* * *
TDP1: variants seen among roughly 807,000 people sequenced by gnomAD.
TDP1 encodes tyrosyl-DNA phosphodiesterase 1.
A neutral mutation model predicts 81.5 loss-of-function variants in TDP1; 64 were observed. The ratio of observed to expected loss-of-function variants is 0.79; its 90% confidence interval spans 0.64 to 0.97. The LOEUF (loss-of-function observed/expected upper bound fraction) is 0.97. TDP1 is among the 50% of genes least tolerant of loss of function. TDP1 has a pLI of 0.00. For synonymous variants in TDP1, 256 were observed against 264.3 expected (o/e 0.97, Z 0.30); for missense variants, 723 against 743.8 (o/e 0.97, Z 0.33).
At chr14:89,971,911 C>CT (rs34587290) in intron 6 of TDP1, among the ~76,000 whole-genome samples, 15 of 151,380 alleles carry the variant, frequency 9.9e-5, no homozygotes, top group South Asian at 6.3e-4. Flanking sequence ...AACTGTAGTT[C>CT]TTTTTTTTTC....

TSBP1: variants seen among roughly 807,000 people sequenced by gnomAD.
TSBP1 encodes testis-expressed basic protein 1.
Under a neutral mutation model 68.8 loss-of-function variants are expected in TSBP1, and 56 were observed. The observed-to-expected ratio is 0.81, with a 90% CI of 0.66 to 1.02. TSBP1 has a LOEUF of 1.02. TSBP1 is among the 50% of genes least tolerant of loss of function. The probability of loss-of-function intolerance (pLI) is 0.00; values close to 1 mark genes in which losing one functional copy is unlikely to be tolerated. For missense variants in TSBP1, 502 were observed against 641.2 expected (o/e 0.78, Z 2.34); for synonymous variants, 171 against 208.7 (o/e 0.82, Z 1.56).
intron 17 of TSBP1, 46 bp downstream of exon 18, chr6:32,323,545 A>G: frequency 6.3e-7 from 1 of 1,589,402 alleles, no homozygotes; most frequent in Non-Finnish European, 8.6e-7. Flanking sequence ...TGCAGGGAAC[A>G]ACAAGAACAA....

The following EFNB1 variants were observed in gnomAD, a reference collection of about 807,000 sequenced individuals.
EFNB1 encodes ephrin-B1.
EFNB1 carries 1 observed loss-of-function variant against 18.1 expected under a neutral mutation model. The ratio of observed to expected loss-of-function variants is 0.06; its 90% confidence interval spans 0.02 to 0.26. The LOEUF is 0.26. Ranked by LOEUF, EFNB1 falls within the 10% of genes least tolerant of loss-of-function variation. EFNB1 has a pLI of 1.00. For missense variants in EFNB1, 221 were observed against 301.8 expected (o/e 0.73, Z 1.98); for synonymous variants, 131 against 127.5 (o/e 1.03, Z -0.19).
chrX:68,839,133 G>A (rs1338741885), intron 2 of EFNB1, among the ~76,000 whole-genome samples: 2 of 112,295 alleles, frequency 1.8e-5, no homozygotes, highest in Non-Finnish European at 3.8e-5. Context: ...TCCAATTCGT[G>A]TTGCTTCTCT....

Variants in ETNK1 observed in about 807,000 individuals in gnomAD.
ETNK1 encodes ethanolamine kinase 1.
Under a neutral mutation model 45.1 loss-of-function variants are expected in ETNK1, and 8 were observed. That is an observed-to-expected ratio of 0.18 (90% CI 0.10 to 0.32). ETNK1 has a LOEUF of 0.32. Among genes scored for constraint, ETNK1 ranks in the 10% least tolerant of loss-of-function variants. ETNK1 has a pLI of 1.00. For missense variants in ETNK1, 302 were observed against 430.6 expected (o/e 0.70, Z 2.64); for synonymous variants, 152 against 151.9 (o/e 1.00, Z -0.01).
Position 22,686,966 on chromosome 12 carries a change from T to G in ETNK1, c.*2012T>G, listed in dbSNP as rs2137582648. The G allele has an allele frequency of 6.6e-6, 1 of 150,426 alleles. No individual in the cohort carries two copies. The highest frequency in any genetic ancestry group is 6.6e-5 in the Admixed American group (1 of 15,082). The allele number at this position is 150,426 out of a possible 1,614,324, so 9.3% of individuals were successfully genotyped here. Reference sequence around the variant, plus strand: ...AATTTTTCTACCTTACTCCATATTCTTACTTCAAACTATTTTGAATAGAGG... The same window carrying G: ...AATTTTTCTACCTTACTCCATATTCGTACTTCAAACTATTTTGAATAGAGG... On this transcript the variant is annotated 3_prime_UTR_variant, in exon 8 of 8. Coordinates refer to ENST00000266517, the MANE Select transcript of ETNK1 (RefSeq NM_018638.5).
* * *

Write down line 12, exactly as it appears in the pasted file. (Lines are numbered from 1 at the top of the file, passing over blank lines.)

chrX:68,839,133 G>A (rs1338741885), intron 2 of EFNB1, among the ~76,000 whole-genome samples: 2 of 112,295 alleles, frequency 1.8e-5, no homozygotes, highest in Non-Finnish European at 3.8e-5. Context: ...TCCAATTCGT[G>A]TTGCTTCTCT....